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Georges Duhamel: World where now there are more graveyards than villages


Anti-war essays, poems, short stories and literary excerpts

Georges Duhamel: Selections on war


Georges Duhamel
From The Heart’s Domain (La Possession du monde) (1919)
Translated by Eleanor Stimson Brooks


Delivered from romanticism, the nineteenth century toward its close and the twentieth century at its beginning, exalted an image full of the pride of physical life, of impetuous health.

Never had humanity seemed more intoxicated with its carnal development, with its splendid animality, than at the very moment when the war broke out. Our humanity! behold it now, covered with wounds so deep that for long decades the sight of them will baffle us and fill our pity with despair.

Behold it now, like a vast race of invalids. It creeps over a world where now there are more graveyards than villages.

We have had an unparalleled experience of sorrow and renunciation.


It has come, the time of affliction!

Whatever may be the outcome of this war, it marks a period of profound despair for humanity. However great may be the pride of victory, however generous such a victory may be, under whatever light the distant consequences may be presented to us, we live, none the less, in a blighted age, on an earth that will be devastated for long years, in the midst of a society that is decimated, ruined, crushed by its wounds.

Among all our disillusionments, if there is one that remains especially painful to us it is the sort of bankruptcy of which our whole civilization is convicted.


In the last year or two it has expressed its discomfiture through millions of simple lips. It has asked with anguish how “a century so advanced in civilization” could give birth to this demoralizing catastrophe. Stupefied, it sees turning against itself all those inventions which, it had been told, were made for its happiness. For hardly one is absent. Even those that seemed the highest in moral significance, even they, have contributed in some degree to the disaster. Only the fear of creating an uncontrollable situation has prevented certain of the belligerents from forming an alliance with the very germs of epidemic diseases and thus debasing the noblest of all the acquisitions of science.

A doubt has grown up in all hearts: what, after all, is this civilization from which we draw such pride and which we claim the right to impose upon the peoples of the other continents? What is this thing that has suddenly revealed itself as so cruel, so dangerous, as destitute of soul as its own machines?

Eyes have been opened, spirits have been illuminated: never did barbarism, in all its brutality and destructiveness, attain results as monstrous as those of which our industrial and scientific civilization has proved itself capable. Is it indeed anything but a travesty on barbarism?

What inclines one to believe this is that the peoples which have dedicated to the gods of the factory and the laboratory the most fervent and the most vainglorious worship have shown themselves in this way by far the cruellest, the most fertile in inhumane and disgraceful inventions.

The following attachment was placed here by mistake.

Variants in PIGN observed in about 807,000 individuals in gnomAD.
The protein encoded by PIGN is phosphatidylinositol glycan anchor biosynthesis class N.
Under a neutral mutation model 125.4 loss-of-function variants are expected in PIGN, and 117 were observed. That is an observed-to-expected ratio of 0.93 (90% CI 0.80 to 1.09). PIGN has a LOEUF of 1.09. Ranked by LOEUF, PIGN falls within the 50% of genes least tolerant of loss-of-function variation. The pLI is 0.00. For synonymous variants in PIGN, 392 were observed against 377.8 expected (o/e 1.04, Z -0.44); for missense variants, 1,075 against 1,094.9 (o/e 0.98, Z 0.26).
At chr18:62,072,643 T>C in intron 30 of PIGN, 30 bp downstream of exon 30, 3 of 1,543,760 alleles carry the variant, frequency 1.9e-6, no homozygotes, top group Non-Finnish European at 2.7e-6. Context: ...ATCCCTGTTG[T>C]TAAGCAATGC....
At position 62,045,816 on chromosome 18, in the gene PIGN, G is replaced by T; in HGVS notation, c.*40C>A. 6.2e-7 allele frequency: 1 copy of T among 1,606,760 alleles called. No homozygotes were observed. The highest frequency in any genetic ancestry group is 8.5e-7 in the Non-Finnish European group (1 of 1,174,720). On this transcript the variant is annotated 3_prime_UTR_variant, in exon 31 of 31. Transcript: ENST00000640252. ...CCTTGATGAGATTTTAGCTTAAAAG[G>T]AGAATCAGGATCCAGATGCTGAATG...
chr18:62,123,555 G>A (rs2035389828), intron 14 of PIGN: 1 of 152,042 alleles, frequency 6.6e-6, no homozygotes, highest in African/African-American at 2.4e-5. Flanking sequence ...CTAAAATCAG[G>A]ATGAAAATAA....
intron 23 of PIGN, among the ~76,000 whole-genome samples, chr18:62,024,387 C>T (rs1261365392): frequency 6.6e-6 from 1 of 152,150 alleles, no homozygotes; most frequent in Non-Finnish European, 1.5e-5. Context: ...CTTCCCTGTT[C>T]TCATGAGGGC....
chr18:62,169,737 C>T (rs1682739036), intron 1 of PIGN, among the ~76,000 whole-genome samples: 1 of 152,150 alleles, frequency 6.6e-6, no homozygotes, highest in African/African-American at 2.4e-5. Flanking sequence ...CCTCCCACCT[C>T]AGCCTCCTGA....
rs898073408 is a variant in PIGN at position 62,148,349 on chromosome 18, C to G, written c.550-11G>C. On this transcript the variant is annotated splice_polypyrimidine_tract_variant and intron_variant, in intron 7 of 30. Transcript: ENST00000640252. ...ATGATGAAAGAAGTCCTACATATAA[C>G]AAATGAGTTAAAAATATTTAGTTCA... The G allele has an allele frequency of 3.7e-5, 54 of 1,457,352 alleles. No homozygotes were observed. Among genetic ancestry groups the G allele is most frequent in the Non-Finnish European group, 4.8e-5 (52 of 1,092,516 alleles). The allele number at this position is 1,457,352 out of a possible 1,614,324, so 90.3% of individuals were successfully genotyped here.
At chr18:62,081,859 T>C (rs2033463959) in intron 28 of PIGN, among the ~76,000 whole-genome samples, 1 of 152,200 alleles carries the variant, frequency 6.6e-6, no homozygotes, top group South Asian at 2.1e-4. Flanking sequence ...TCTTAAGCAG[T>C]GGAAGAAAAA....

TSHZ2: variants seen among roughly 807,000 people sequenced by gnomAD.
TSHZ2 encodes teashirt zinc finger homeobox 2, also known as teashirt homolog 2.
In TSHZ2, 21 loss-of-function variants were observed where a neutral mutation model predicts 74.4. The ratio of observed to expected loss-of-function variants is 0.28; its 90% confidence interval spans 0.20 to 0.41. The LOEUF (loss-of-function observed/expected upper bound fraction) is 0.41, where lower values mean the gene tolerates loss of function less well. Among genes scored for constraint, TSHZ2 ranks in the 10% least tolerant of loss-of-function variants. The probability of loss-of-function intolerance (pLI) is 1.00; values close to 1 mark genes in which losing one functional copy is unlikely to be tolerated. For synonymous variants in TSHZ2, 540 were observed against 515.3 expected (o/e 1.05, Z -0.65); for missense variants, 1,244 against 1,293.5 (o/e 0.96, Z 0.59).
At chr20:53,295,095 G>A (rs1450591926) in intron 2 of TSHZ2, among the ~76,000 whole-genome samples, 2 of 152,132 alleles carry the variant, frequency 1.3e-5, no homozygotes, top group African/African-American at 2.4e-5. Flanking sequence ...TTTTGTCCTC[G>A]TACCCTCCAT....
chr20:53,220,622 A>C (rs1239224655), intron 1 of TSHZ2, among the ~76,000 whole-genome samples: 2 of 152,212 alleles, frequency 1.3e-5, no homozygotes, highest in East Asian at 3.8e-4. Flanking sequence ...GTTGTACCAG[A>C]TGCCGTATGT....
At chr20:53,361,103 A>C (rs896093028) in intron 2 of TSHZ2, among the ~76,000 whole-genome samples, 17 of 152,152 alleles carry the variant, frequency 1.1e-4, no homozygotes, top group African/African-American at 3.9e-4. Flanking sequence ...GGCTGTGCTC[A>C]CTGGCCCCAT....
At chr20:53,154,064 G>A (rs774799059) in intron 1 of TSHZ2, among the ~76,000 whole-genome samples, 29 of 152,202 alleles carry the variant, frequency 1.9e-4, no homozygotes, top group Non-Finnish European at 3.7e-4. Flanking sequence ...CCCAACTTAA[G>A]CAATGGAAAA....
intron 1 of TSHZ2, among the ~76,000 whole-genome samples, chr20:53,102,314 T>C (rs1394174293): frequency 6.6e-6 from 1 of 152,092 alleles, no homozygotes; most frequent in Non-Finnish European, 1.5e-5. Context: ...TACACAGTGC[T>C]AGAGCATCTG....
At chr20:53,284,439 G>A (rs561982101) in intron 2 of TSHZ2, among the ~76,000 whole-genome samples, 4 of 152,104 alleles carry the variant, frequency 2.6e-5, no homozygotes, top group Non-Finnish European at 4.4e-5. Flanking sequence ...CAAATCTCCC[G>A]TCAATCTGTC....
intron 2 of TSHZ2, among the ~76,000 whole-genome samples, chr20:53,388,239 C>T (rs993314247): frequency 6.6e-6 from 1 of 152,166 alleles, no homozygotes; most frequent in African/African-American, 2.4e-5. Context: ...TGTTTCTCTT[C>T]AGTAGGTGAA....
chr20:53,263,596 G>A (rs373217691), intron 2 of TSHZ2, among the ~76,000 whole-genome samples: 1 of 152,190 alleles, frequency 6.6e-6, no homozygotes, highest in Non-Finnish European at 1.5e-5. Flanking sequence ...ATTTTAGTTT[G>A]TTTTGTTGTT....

Let us cease humiliating moral culture, the only pledge we have of peace and happiness, before the irresponsible and unruly genius that haunts the laboratories. Scientific civilization, let us say, to allow it to keep this name for a moment, has been for us so prodigal in bitterness that we can no longer abandon it uncontrolled to its devouring activity. We must make use of it as a servant and cease any longer to adore it as a goddess.


The old civilization seems condemned. To break with it, we must first of all seek our individual satisfaction outside money, our happiness outside the whirlpool of pleasure. We must flee deliberately from the tyranny of luxury. In this way even the events of the present oblige us to seek our true path. Must we keep blindly and obstinately to the ways of slavery? We have slighted the best sources of interest, joy and wealth; shall we misprize them now that they remain the only fresh and faithful things in the aridity of our time? Shall we neglect our souls again to seek a false fortune that can only betray us? Shall we contend with exasperated brutes over possessions we know to be unstable and deceptive?

No! No! Here should lie the lesson and the one benefit of this war: that we should undeceive ourselves about ourselves and about our ends! Let us not devote our courage to choosing a ferocious discipline devoid of the ideal. Let us once for all reject our calculating and demoralizing intelligence. Let us organize, in the peace that returns, the reign of the heart.


If the future laws governing labor do not allow enough time for the cultivation and the flourishing of the soul, a sacred struggle will become inevitable.

The organizers of the modern world, who have shown themselves powerless to avert war and did not realize the vanity of our old civilization, do not yet seem to foresee the urgency of radical changes in the moral education of the peoples.

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